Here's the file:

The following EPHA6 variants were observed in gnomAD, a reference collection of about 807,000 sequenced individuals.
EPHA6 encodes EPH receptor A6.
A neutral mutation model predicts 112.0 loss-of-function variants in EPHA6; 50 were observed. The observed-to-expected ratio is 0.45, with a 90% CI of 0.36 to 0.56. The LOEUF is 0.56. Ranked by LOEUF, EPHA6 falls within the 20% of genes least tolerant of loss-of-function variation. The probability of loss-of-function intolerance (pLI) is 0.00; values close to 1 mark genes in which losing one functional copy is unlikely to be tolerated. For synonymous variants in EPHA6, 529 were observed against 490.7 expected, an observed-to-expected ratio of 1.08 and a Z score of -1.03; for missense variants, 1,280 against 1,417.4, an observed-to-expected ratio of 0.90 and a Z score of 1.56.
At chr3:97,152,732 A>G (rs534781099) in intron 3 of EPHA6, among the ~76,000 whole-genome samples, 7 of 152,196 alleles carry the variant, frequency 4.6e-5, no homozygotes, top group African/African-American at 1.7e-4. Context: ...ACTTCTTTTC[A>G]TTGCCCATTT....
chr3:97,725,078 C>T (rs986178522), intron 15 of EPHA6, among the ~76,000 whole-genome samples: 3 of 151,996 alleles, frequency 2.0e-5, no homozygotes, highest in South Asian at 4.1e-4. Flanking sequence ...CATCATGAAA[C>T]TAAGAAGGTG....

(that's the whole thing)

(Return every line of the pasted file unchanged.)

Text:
The following EPHA6 variants were observed in gnomAD, a reference collection of about 807,000 sequenced individuals.
EPHA6 encodes EPH receptor A6.
A neutral mutation model predicts 112.0 loss-of-function variants in EPHA6; 50 were observed. The observed-to-expected ratio is 0.45, with a 90% CI of 0.36 to 0.56. The LOEUF is 0.56. Ranked by LOEUF, EPHA6 falls within the 20% of genes least tolerant of loss-of-function variation. The probability of loss-of-function intolerance (pLI) is 0.00; values close to 1 mark genes in which losing one functional copy is unlikely to be tolerated. For synonymous variants in EPHA6, 529 were observed against 490.7 expected, an observed-to-expected ratio of 1.08 and a Z score of -1.03; for missense variants, 1,280 against 1,417.4, an observed-to-expected ratio of 0.90 and a Z score of 1.56.
At chr3:97,152,732 A>G (rs534781099) in intron 3 of EPHA6, among the ~76,000 whole-genome samples, 7 of 152,196 alleles carry the variant, frequency 4.6e-5, no homozygotes, top group African/African-American at 1.7e-4. Context: ...ACTTCTTTTC[A>G]TTGCCCATTT....
chr3:97,725,078 C>T (rs986178522), intron 15 of EPHA6, among the ~76,000 whole-genome samples: 3 of 151,996 alleles, frequency 2.0e-5, no homozygotes, highest in South Asian at 4.1e-4. Flanking sequence ...CATCATGAAA[C>T]TAAGAAGGTG....